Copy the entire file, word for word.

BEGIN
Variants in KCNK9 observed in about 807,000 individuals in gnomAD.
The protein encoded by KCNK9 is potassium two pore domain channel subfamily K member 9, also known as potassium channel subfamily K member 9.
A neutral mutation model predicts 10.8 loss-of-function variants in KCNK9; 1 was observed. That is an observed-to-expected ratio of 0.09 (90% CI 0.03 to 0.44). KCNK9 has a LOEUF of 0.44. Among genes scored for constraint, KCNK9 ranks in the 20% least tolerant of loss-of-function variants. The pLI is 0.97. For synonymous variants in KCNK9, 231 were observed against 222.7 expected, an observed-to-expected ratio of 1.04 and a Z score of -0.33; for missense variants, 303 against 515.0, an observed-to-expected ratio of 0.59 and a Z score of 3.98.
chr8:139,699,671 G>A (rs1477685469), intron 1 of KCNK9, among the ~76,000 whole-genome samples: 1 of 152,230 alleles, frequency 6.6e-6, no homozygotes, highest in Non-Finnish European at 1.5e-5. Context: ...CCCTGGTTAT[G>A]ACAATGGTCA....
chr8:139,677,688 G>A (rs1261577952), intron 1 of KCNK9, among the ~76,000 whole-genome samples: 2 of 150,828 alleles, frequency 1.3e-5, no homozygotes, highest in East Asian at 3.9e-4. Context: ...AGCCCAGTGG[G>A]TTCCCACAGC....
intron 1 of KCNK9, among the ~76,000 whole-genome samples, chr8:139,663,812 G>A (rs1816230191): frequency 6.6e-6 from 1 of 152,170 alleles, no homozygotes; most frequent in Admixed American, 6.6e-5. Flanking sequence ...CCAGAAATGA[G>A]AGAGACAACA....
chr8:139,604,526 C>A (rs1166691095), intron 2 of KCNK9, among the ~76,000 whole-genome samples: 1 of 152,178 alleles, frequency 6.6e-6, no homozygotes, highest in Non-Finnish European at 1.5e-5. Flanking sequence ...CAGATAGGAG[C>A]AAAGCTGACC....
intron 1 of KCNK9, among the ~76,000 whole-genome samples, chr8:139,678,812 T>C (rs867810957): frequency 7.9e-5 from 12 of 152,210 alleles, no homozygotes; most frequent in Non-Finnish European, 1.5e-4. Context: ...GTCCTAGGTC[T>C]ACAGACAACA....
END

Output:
Variants in KCNK9 observed in about 807,000 individuals in gnomAD.
The protein encoded by KCNK9 is potassium two pore domain channel subfamily K member 9, also known as potassium channel subfamily K member 9.
A neutral mutation model predicts 10.8 loss-of-function variants in KCNK9; 1 was observed. That is an observed-to-expected ratio of 0.09 (90% CI 0.03 to 0.44). KCNK9 has a LOEUF of 0.44. Among genes scored for constraint, KCNK9 ranks in the 20% least tolerant of loss-of-function variants. The pLI is 0.97. For synonymous variants in KCNK9, 231 were observed against 222.7 expected, an observed-to-expected ratio of 1.04 and a Z score of -0.33; for missense variants, 303 against 515.0, an observed-to-expected ratio of 0.59 and a Z score of 3.98.
chr8:139,699,671 G>A (rs1477685469), intron 1 of KCNK9, among the ~76,000 whole-genome samples: 1 of 152,230 alleles, frequency 6.6e-6, no homozygotes, highest in Non-Finnish European at 1.5e-5. Context: ...CCCTGGTTAT[G>A]ACAATGGTCA....
chr8:139,677,688 G>A (rs1261577952), intron 1 of KCNK9, among the ~76,000 whole-genome samples: 2 of 150,828 alleles, frequency 1.3e-5, no homozygotes, highest in East Asian at 3.9e-4. Context: ...AGCCCAGTGG[G>A]TTCCCACAGC....
intron 1 of KCNK9, among the ~76,000 whole-genome samples, chr8:139,663,812 G>A (rs1816230191): frequency 6.6e-6 from 1 of 152,170 alleles, no homozygotes; most frequent in Admixed American, 6.6e-5. Flanking sequence ...CCAGAAATGA[G>A]AGAGACAACA....
chr8:139,604,526 C>A (rs1166691095), intron 2 of KCNK9, among the ~76,000 whole-genome samples: 1 of 152,178 alleles, frequency 6.6e-6, no homozygotes, highest in Non-Finnish European at 1.5e-5. Flanking sequence ...CAGATAGGAG[C>A]AAAGCTGACC....
intron 1 of KCNK9, among the ~76,000 whole-genome samples, chr8:139,678,812 T>C (rs867810957): frequency 7.9e-5 from 12 of 152,210 alleles, no homozygotes; most frequent in Non-Finnish European, 1.5e-4. Context: ...GTCCTAGGTC[T>C]ACAGACAACA....